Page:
Are Betta Fish Aggressive? (Signs Of Aggression In Betta Fish)

Betta fish are also known as siamese fighting fish, which hints at their temperament. Also, it is necessary to know about the temperament and requirements of the fish when planning to add them to a community tank or in a separate tank. So, Are betta fish aggressive? Let us find out.

Betta fish are aggressive, especially male ones. Male bettas are more territorial and will fight with other fish and each other to defend their territory and food. Keeping only one male betta in a tank is recommended, as two male bettas will end up fighting until one dies.

This article will also discuss what triggers aggression in bettas and how we can lower aggression in bettas. So, let us get into it.

Betta fish temperament

Betta fish, also known by the name of “siamese fighting fish,” are aggressive fish.

They have an aggressive nature and can fight and even kill the other fish present in their tank.

Keeping two male betta fish in the same tank will end with both fish fighting until one dies.

Male bettas are more territorial and fight with other fish to defend and protect their territory.

Also, in their natural habitat, they get limited food supplies, so they have to fight for resources as they need a high amount of protein to survive.

Also read: How Many Betta Fish Can Live Together?

Are betta fish aggressive towards each other?

Betta fish are aggressive to each other, especially males.

Male bettas are territorial and fight each other to defend their territories.

Also, male bettas fight and show aggression to impress female bettas for breeding.

They use their beautiful colors and aggression to attract female bettas towards them for breeding.

Male bettas form a bubble nest at the water’s surface to attract female betta.

They also protect the eggs inside the nest from other fish at any cost to show themselves as a strong and potential mate to female bettas.

Female bettas are more social and less aggressive than male bettas but can show aggression when kept in inadequate living conditions.

You can keep female bettas together in a group. When you keep them together, the cohort is known as a sorority.

Are betta fish aggressive to their tankmates?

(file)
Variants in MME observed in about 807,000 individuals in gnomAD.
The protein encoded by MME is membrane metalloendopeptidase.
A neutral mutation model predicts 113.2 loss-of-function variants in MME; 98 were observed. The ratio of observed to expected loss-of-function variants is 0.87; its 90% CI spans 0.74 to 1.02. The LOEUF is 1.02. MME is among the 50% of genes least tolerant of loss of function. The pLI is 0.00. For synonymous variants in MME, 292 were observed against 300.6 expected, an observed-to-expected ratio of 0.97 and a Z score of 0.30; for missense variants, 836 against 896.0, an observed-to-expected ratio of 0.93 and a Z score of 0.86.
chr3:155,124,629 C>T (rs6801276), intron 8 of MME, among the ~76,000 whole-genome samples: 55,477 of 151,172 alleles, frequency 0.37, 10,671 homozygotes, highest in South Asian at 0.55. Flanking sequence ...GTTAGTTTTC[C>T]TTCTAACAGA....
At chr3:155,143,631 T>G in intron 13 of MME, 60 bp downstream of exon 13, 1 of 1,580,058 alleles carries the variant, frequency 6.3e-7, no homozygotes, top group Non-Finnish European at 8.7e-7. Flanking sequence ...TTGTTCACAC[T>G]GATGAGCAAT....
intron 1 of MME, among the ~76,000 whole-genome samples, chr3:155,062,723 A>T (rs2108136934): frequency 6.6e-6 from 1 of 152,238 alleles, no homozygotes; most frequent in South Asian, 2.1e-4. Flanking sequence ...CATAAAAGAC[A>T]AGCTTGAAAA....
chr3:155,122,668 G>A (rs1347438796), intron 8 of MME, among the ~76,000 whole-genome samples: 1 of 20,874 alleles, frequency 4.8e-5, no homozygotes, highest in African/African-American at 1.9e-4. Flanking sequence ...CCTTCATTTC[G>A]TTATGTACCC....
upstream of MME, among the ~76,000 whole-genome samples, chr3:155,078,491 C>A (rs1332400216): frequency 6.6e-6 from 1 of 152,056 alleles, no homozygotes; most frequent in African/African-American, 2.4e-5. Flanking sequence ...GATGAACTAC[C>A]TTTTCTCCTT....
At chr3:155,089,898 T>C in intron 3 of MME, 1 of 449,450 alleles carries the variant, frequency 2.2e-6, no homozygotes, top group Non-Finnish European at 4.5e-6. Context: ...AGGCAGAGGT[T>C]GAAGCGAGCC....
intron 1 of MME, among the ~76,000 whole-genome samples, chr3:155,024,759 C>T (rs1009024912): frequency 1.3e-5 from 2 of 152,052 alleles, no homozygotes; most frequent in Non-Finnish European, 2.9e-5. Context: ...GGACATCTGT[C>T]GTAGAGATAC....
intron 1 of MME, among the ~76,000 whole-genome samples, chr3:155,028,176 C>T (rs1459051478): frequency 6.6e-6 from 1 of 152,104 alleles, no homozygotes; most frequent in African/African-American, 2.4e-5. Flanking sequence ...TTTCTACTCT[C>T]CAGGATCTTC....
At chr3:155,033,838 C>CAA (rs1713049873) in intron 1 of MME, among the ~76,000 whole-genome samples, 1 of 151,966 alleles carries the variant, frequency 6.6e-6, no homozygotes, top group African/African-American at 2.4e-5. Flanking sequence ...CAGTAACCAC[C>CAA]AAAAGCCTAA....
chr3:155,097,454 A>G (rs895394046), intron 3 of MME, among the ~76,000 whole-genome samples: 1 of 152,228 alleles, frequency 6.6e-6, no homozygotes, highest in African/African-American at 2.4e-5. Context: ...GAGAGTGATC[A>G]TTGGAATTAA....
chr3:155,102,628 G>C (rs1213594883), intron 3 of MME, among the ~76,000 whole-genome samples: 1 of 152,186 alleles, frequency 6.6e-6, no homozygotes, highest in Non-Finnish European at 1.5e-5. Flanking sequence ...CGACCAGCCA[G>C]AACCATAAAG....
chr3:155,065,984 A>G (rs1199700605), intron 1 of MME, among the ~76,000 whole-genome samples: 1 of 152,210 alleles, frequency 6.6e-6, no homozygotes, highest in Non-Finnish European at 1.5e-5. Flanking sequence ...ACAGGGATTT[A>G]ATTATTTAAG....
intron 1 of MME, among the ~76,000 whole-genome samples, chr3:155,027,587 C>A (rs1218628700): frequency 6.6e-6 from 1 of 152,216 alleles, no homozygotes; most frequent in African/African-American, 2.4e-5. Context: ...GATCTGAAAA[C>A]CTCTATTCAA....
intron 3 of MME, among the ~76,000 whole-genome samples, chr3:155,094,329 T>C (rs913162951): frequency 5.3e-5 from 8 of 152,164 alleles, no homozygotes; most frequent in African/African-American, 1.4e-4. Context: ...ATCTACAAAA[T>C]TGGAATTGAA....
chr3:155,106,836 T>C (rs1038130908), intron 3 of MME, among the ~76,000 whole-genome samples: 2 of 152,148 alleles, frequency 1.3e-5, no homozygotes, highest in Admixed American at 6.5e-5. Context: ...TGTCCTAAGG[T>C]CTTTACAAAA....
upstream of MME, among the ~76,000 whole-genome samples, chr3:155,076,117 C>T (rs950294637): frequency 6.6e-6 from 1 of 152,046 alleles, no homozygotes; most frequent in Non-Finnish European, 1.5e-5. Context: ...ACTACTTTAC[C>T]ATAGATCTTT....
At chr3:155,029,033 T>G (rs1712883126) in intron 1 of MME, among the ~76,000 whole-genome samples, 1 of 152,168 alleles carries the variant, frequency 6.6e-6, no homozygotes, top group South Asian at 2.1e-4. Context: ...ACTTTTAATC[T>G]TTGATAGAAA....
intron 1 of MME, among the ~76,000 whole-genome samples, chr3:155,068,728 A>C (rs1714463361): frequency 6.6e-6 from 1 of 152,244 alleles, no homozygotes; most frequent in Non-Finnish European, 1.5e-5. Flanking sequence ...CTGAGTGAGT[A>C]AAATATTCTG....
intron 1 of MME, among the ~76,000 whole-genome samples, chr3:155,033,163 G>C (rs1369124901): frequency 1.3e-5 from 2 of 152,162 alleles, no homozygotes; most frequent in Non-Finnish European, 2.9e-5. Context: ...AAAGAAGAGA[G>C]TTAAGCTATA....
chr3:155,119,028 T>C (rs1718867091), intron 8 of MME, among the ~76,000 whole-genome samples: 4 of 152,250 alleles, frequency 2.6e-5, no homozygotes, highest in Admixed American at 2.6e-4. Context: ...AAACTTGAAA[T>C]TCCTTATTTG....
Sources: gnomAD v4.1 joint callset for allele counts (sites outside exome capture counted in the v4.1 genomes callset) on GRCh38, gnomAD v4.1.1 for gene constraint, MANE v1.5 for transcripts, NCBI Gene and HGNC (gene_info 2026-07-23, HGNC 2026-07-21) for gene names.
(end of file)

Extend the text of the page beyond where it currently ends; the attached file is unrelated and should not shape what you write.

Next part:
Betta fish can be aggressive towards their tankmates if they see any threat or competition.

Any fish that are more colorful and bigger than your betta fish, then your betta will try to nip and fight with them.

Fishes like goldfish, angelfish, gouramis, cichlids, and tiger barbs should not be kept with your betta fish.

These are some of the best tankmates of your betta fish:

  1. Guppy
  2. Neon tetras
  3. Kuhli loach
  4. Snails
  5. Shrimps
  6. Plecos
  7. Cory catfish

Adding non-compatible tankmates to your betta fish tank will result in aggression and fighting.

What are the signs of aggression in betta fish?

These are the signs which will help you detect aggression in your betta fish:

  1. Your betta fish will expand their gills to look broader and more intimidating. 
  2. Your betta fish will nip the fins of their tankmates, which will cause harm to the opponent. Fin nipping can result in fin rot, which can make the fish suffer from a life-threatening condition.
  3. Your betta fish will spread their fins along with gill flaring to look bigger. They do this to scare off the opponent and win the battle without getting physical.
  4. When nothing is working, they will get physical by ramming their bodies together to hurt each other and show aggression.
  5. Having missing fins, a red body, and minor injuries is also a sign of aggression. Your bettas may be fighting when you are not looking at them, and in such cases, minor injuries will be the signs of aggression to look for.
  6. Change in their behavior is also a sign of aggression in your betta fish. Your betta fish will look more dominant and intense when they are aggressive.

What causes aggression in betta fish?

Betta fish are known to be an aggressive creatures. They are also known as siamese fighting fish because of their aggressive nature.